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Bid to limit questions from councillors 'undemocratic'.

A PROPOSAL to limit the number of questions that can be asked of the politicians running Wales' biggest local authority is undemocratic, a councillor has claimed.

Cardiff council's constitution will be amended under proposals to restrict the number of questions that backbench and opposition councillors can ask Cabinet members.

"Member debates" designed to raise issues "for a free and frank discussion" will also be introduced during a trial of the changes later this year.

A committee of councillors recommended the move to make monthly full council meetings more like "mini-debates" rather than members just reading pre-prepared answers and questions.

But Rhiwbina's Independent councillor Jayne Cowan, a member of the constitution committee, said: "All this is going to do is decrease democracy in Cardiff.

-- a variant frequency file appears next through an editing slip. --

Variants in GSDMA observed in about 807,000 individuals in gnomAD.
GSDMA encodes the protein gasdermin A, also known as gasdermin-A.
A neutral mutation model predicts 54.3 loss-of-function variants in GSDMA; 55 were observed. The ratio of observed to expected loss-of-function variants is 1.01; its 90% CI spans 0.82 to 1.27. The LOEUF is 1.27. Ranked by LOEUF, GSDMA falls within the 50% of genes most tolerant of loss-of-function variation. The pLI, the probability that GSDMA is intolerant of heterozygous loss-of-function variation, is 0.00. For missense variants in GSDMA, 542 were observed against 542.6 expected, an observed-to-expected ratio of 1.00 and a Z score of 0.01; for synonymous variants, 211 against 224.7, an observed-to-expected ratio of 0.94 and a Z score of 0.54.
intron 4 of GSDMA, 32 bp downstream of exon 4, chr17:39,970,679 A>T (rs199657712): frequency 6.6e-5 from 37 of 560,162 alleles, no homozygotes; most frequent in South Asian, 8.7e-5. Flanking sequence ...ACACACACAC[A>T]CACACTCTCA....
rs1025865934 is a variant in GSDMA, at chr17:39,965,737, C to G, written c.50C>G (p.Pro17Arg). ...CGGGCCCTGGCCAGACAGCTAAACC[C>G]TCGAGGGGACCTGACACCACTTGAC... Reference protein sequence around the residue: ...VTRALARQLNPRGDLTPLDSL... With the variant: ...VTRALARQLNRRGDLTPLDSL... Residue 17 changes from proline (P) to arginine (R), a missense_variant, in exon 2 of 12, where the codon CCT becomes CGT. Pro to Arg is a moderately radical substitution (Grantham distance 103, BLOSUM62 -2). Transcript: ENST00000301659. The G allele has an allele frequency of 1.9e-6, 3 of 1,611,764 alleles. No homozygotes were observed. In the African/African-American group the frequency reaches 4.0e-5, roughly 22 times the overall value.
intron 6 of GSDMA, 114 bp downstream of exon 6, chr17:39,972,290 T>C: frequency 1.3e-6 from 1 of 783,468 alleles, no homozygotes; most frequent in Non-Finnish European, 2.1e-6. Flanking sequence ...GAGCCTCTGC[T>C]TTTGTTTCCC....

"Any kind of move to reduce the number of questions councillors can ask Cabinet members smacks in the face of democracy."

However, Councillor David Walker, leader of the Conservative Group and also a member of the committee, said full council meetings had become "turgid".

The Liberal Democrat group leader, Councillor Judith Woodman, said there was a danger the changes could "censor" councillors.

"You never know what you may need to ask on behalf of residents - it's becoming a bit of a dictatorship," she said.

Under the proposal, there will be a limit of 30 questions at each meeting and those that are not dealt with within a 90-minute session will be cut.

Based on the current council make-up, Labour would ask 10 questions, followed by Liberal Democrats (five), Independents (four), Plaid Cymru (four) and other Independents (one).

Councillors would still be able to ask as many written questions they want.
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Publication:South Wales Echo (Cardiff, Wales)
Geographic Code:4EUUK
Date:Jan 31, 2013
Words:273
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